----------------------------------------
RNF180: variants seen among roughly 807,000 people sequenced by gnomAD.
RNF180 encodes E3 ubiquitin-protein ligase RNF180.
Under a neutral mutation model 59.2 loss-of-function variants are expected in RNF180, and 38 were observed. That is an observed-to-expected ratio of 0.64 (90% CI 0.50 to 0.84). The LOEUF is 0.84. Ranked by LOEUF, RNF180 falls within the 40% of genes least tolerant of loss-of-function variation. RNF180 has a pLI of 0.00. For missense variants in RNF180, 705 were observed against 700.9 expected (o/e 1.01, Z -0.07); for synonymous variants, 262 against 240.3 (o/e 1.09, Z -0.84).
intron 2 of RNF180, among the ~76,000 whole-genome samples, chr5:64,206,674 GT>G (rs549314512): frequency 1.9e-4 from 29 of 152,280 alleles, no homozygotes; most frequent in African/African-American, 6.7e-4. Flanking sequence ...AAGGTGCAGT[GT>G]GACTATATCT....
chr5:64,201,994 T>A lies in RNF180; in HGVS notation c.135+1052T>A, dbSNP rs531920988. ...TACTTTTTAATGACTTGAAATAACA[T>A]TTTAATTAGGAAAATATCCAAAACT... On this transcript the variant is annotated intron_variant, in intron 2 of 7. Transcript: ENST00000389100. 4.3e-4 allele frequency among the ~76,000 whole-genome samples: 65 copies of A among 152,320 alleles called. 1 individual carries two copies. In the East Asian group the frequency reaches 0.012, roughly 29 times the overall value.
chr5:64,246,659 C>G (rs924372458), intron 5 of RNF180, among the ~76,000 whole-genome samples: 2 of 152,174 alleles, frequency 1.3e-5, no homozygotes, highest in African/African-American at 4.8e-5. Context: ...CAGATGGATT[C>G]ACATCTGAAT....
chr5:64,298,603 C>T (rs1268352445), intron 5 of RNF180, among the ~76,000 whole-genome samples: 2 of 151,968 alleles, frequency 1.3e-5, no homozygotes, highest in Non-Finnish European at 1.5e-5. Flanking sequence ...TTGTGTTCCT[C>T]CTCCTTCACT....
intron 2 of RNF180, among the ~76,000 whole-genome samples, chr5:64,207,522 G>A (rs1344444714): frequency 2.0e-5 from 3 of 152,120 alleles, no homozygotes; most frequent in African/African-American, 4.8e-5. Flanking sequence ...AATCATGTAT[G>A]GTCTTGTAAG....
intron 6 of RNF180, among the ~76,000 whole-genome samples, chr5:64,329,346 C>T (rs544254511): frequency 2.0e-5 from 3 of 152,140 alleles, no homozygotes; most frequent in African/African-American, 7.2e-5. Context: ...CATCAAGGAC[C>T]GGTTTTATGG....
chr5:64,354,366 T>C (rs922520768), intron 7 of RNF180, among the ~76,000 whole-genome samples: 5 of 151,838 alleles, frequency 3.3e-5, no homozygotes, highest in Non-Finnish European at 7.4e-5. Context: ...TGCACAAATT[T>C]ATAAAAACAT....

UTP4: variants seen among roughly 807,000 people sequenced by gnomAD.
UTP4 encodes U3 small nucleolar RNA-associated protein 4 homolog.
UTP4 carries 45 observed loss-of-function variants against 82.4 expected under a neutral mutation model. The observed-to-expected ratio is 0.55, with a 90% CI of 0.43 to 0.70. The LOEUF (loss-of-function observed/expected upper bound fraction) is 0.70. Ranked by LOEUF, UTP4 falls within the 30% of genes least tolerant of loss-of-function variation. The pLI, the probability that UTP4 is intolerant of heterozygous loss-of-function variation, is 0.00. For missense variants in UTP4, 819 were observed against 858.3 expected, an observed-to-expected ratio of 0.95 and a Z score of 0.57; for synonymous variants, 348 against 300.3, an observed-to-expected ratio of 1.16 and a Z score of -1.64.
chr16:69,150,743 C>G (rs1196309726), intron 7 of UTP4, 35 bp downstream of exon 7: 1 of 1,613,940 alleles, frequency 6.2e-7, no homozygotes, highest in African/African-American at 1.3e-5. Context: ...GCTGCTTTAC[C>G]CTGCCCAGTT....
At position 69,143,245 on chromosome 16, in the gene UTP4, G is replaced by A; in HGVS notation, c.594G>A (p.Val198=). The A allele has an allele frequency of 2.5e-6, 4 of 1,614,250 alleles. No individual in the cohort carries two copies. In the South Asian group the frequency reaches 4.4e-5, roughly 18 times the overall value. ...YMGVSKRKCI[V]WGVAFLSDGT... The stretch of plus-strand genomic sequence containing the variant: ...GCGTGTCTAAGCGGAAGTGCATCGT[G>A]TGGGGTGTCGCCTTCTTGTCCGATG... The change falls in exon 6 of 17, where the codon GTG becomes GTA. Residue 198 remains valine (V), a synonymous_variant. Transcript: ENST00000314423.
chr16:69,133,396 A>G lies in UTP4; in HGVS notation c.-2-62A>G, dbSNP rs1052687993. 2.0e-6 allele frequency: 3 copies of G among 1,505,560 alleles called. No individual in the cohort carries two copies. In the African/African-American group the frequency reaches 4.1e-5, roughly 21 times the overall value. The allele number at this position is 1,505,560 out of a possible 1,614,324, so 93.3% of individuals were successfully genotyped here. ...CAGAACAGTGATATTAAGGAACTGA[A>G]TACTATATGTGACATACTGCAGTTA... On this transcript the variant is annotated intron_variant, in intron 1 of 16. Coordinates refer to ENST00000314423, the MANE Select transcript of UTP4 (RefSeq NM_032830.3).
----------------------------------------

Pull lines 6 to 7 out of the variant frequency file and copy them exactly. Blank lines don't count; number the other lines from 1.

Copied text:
chr5:64,246,659 C>G (rs924372458), intron 5 of RNF180, among the ~76,000 whole-genome samples: 2 of 152,174 alleles, frequency 1.3e-5, no homozygotes, highest in African/African-American at 4.8e-5. Context: ...CAGATGGATT[C>G]ACATCTGAAT....
chr5:64,298,603 C>T (rs1268352445), intron 5 of RNF180, among the ~76,000 whole-genome samples: 2 of 151,968 alleles, frequency 1.3e-5, no homozygotes, highest in Non-Finnish European at 1.5e-5. Flanking sequence ...TTGTGTTCCT[C>T]CTCCTTCACT....